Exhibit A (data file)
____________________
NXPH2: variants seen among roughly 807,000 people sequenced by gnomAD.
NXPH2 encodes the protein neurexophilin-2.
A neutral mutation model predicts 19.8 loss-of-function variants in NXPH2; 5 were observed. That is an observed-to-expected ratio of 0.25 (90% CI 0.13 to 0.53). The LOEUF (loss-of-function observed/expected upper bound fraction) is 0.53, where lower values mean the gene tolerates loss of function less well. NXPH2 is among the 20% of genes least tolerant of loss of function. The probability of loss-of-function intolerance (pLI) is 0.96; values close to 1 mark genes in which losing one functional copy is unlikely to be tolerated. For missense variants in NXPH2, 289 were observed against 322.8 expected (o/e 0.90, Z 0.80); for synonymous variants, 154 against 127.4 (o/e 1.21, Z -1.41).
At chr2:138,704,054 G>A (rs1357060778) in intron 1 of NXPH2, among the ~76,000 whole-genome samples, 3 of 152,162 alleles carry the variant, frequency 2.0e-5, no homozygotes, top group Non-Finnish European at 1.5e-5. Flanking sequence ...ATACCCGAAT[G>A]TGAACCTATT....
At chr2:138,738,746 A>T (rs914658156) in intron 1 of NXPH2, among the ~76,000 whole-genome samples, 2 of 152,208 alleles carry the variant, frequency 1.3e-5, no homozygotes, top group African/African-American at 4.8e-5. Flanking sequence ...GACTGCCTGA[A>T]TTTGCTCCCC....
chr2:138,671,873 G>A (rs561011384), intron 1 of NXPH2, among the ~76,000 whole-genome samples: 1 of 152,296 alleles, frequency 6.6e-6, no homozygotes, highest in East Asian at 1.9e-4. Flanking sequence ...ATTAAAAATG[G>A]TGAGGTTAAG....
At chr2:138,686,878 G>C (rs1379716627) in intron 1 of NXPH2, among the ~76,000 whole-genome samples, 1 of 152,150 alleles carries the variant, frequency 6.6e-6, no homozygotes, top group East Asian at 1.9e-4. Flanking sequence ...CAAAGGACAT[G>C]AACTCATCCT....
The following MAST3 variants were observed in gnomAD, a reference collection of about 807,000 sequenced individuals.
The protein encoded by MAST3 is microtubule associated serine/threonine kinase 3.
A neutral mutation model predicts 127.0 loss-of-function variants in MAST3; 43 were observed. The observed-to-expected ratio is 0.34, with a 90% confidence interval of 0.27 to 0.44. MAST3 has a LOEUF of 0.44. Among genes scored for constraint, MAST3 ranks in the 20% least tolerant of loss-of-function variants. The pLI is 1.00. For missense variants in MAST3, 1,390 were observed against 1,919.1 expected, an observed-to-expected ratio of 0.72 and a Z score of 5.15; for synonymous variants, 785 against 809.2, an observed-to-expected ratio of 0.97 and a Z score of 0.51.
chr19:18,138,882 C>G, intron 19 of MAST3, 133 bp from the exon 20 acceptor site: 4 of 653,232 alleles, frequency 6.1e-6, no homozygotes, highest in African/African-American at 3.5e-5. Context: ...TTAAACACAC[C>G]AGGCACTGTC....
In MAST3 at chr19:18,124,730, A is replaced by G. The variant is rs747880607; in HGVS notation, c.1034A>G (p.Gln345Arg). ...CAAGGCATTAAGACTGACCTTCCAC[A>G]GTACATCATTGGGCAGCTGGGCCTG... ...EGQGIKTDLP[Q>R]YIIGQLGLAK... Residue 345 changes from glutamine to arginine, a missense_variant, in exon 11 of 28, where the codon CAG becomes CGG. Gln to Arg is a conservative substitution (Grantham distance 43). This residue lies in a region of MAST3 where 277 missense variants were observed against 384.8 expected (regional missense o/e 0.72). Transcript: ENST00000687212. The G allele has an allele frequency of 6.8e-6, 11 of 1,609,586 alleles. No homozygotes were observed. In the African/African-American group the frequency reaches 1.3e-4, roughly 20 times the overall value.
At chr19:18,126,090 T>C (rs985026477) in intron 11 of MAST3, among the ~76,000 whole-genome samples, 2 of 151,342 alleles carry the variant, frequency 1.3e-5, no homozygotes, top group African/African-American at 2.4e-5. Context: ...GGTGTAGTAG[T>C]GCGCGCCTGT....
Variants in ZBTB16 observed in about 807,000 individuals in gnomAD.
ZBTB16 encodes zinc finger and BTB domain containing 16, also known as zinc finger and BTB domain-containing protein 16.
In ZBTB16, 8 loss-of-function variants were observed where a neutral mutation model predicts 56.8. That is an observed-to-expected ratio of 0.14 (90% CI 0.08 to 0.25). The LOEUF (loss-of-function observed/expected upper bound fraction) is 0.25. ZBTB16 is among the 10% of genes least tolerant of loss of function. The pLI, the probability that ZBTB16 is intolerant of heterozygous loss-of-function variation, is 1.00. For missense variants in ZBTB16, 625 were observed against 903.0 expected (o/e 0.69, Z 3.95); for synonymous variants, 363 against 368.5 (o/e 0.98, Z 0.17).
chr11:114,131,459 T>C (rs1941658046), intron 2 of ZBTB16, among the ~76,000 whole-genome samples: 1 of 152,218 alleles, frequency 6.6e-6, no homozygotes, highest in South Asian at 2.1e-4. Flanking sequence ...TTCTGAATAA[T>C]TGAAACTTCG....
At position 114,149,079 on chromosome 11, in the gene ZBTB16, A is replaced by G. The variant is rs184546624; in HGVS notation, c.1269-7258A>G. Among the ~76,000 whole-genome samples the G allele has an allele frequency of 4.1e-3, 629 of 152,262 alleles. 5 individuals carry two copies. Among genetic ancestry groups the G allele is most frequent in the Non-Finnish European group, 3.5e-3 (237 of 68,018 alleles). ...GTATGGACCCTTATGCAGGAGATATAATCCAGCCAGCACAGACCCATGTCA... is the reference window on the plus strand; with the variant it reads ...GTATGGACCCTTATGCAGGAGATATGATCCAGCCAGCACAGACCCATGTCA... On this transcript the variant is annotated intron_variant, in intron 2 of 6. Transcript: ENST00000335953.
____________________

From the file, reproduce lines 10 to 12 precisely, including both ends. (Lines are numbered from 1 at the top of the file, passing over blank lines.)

A neutral mutation model predicts 127.0 loss-of-function variants in MAST3; 43 were observed. The observed-to-expected ratio is 0.34, with a 90% confidence interval of 0.27 to 0.44. MAST3 has a LOEUF of 0.44. Among genes scored for constraint, MAST3 ranks in the 20% least tolerant of loss-of-function variants. The pLI is 1.00. For missense variants in MAST3, 1,390 were observed against 1,919.1 expected, an observed-to-expected ratio of 0.72 and a Z score of 5.15; for synonymous variants, 785 against 809.2, an observed-to-expected ratio of 0.97 and a Z score of 0.51.
chr19:18,138,882 C>G, intron 19 of MAST3, 133 bp from the exon 20 acceptor site: 4 of 653,232 alleles, frequency 6.1e-6, no homozygotes, highest in African/African-American at 3.5e-5. Context: ...TTAAACACAC[C>G]AGGCACTGTC....
In MAST3 at chr19:18,124,730, A is replaced by G. The variant is rs747880607; in HGVS notation, c.1034A>G (p.Gln345Arg). ...CAAGGCATTAAGACTGACCTTCCAC[A>G]GTACATCATTGGGCAGCTGGGCCTG... ...EGQGIKTDLP[Q>R]YIIGQLGLAK... Residue 345 changes from glutamine to arginine, a missense_variant, in exon 11 of 28, where the codon CAG becomes CGG. Gln to Arg is a conservative substitution (Grantham distance 43). This residue lies in a region of MAST3 where 277 missense variants were observed against 384.8 expected (regional missense o/e 0.72). Transcript: ENST00000687212. The G allele has an allele frequency of 6.8e-6, 11 of 1,609,586 alleles. No homozygotes were observed. In the African/African-American group the frequency reaches 1.3e-4, roughly 20 times the overall value.